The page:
By: Tunde Adebola
I knew what I wanted to do for my PhD studies, and I also knew it would be challenging to pull this off successfully. After speaking with Dr. De Mutsert about my goals, she suggested to collect system-specific data to help with my research work, so I thought, “Sure, why not.”
Since I’m developing an ecosystem fisheries model for Nigerian coastal waters (NCW), it meant I had to travel to Nigeria at some point during my dissertation work, and this would be my first visit to my home country Nigeria since I came to the USA 10 years ago.
I set out early to develop the model for my dissertation since I knew it would takes considerable time and effort to build it from the ground up. It is a first attempt to building a coast-wide ecosystem model for Nigeria. I needed both detailed ecological information and reliable data for the model and also for my entire research.
Initial data used for this process was from internet sources and published literature but this changed when Sharon Bloomquist spoke about departmental research grants for PhD student in the fall of 2015. With Dr. De Mutsert help, I applied for this grant in order that I may go collect environmental data in the Nigerian coastal system and got grant monies in the spring of 2016.
As a developing country, Nigeria has many of the environmental problems associated with her stage of national development. Some important ecological problems include overexploitation of natural resources in some part of the country, desertification in the northern borders with the Sahara Desert, and oil pollution in the Niger Delta a region that has suffered from more than 60 years of oil exploration, exploitation and hydrocarbon pollution.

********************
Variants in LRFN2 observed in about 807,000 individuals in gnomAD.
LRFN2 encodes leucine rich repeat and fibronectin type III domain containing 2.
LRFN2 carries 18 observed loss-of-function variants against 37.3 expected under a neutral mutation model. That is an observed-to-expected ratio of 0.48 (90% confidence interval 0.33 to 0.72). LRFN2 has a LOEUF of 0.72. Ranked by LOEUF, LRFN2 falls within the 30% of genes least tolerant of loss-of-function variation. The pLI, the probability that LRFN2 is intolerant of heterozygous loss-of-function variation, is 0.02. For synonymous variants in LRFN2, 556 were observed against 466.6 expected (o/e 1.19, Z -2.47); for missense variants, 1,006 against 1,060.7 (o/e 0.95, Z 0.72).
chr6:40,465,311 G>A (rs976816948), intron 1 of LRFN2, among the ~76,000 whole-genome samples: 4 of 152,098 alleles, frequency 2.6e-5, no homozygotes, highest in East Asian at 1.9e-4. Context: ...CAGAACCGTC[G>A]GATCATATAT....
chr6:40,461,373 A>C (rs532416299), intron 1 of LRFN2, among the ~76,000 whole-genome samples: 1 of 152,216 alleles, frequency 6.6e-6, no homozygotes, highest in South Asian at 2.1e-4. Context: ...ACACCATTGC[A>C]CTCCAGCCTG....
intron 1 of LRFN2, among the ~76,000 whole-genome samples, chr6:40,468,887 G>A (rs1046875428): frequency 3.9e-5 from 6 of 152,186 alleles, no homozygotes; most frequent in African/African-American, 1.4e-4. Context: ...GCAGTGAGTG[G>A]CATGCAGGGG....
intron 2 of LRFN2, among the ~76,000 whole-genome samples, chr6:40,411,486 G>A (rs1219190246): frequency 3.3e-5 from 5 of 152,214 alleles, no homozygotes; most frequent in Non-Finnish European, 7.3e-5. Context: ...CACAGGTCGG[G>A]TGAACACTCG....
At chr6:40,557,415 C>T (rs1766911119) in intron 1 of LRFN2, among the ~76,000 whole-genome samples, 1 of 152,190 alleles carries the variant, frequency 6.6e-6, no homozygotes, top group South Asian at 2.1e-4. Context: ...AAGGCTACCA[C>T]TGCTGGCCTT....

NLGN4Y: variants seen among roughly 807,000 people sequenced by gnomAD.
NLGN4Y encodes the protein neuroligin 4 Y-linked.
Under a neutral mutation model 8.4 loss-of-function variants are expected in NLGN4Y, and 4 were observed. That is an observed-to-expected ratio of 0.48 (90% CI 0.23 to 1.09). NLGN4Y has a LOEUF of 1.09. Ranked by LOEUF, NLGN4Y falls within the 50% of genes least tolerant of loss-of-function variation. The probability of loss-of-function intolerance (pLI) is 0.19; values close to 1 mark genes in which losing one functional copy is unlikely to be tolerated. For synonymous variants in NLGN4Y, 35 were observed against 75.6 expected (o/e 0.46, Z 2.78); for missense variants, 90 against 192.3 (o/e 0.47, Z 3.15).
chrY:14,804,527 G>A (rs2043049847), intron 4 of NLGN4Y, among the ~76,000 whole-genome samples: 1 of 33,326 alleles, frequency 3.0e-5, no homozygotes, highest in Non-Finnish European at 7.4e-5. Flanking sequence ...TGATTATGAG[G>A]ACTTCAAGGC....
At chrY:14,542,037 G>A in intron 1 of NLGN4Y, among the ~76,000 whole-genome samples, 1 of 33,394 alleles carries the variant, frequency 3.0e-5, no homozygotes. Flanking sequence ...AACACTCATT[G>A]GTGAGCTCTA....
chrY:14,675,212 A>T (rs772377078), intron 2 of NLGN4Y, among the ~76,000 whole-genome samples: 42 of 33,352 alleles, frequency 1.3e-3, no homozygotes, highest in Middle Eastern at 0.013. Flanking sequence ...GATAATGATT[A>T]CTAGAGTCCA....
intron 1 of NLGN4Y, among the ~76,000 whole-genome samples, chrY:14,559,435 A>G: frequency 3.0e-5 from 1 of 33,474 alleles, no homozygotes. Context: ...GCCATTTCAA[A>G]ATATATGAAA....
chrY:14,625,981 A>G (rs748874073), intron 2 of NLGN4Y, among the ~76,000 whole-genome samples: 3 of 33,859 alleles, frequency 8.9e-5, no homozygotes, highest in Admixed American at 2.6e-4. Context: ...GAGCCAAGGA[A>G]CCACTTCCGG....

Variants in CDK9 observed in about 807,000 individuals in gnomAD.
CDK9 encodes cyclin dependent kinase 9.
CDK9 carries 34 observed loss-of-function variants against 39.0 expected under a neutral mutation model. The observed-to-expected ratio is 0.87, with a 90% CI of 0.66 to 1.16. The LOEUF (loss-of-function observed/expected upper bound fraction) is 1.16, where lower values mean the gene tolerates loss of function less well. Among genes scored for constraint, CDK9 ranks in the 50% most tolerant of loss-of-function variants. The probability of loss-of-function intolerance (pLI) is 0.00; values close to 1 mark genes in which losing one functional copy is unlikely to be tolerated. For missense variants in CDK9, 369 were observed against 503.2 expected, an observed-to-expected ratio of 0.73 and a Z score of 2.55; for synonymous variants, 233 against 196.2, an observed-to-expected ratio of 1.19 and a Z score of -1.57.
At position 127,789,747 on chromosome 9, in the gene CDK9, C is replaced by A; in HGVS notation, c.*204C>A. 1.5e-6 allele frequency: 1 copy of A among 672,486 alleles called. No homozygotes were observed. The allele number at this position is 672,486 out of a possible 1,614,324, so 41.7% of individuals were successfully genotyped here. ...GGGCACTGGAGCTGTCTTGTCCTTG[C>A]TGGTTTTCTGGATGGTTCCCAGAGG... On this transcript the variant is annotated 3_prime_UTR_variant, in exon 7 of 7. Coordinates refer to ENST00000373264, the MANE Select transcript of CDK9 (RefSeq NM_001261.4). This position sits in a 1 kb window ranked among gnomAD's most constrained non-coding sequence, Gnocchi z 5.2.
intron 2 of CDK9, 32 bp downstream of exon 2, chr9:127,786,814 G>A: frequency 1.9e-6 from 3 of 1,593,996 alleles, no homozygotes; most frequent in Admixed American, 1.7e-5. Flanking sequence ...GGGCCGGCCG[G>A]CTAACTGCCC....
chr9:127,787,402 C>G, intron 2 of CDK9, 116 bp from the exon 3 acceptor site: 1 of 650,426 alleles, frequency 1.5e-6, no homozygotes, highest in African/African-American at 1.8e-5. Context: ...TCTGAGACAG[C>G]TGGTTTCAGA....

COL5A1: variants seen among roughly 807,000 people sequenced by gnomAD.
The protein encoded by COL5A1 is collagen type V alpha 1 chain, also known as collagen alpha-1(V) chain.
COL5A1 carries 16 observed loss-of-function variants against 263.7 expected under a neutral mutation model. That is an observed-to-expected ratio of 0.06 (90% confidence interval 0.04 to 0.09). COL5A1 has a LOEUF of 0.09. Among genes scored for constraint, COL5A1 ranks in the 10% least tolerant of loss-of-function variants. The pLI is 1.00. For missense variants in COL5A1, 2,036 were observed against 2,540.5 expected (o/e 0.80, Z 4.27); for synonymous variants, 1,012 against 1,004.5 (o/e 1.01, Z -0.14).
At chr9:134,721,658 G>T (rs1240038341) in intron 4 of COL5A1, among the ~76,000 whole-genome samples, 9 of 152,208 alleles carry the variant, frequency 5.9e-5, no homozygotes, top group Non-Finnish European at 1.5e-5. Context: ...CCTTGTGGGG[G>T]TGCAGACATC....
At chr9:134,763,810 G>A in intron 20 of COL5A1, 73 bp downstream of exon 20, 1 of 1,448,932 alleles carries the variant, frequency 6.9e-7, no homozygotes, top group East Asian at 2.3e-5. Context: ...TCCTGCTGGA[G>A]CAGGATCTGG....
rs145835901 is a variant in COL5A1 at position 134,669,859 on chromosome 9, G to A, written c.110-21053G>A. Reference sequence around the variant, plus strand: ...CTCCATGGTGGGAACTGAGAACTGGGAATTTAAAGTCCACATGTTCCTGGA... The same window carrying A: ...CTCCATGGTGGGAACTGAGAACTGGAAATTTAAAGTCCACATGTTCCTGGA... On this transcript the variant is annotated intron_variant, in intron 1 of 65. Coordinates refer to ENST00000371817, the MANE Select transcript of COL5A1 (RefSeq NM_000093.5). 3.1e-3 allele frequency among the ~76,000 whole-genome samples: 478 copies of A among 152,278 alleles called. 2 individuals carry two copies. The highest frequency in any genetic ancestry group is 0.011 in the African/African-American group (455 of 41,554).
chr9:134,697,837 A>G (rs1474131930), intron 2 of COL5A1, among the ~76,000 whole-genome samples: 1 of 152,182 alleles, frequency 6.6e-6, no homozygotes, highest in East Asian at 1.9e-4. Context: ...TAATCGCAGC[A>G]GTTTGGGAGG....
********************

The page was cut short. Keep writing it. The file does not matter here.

The growing coastal population has traditionally relied on coastal fisheries and are subjecting coastal resources to ever-increasing fishing effort since many coastal peoples have little or no alternative occupation than to fish. This problem is more critical in the Delta where oil pollution exacerbates an already difficult resource depletion situation, causing environmental damage and pollution estimated to cost $1 billion USD and approximately 30 years of remedial action to reverse.
The Niger Delta is so important that it is estimated that more than 80% of commercial fish stocks in the Gulf of Guinea adjacent to Nigeria’s shores either used this as habitat or transition between the sea and estuaries in their lifecycle migrations. Here and elsewhere along the coast, more than 300,000 small-scale fishermen are operating low technology-fishing vessels in addition to an industrial fishing fleet of approximately 250 trawlers.
Another issue of concern to my study is the nutrient subsidies from coastal areas that have resulted in eutrophication as evident by ubiquitous water hyacinth covering costal lagoons, salt marshes, and creeks along the 853 km coastline that boarders the nation’s shores with the Atlantic Ocean.
My aim in this research, is to investigate these three anthropogenic factors (fishing, eutrophication and oil pollution) in order to see the extent of their impacts on the coastal food web.
I hypothesize that fishing will reduce ecosystem biomass and secondary production in coastal waters and expect eutrophication to increase productivity up to an extent; especially in locations where nonlethal oxygen depletion occurred. The impact of petroleum hydrocarbon pollution will depend on weather conditions, amount of oil spill and the location in which spills have occurred. Impacts will be modeled singly and in combinations using a mass balanced approach in Ecopath with Ecosim fisheries management software.
I aim to provide information for advice about best coastal management practices in Nigeria and in other West African countries along the Gulf of Guinea.
Having a good dataset is an important step towards developing a reliable model to test scientific hypothesis about the impacts of fishing, nutrient enrichment and hydrocarbon pollution in Nigerian coastal food web.
I’m thankful for all who have supported my research from its inception especially my research committee, the Environmental Science and Policy graduate program and members of the Fish ecology lab.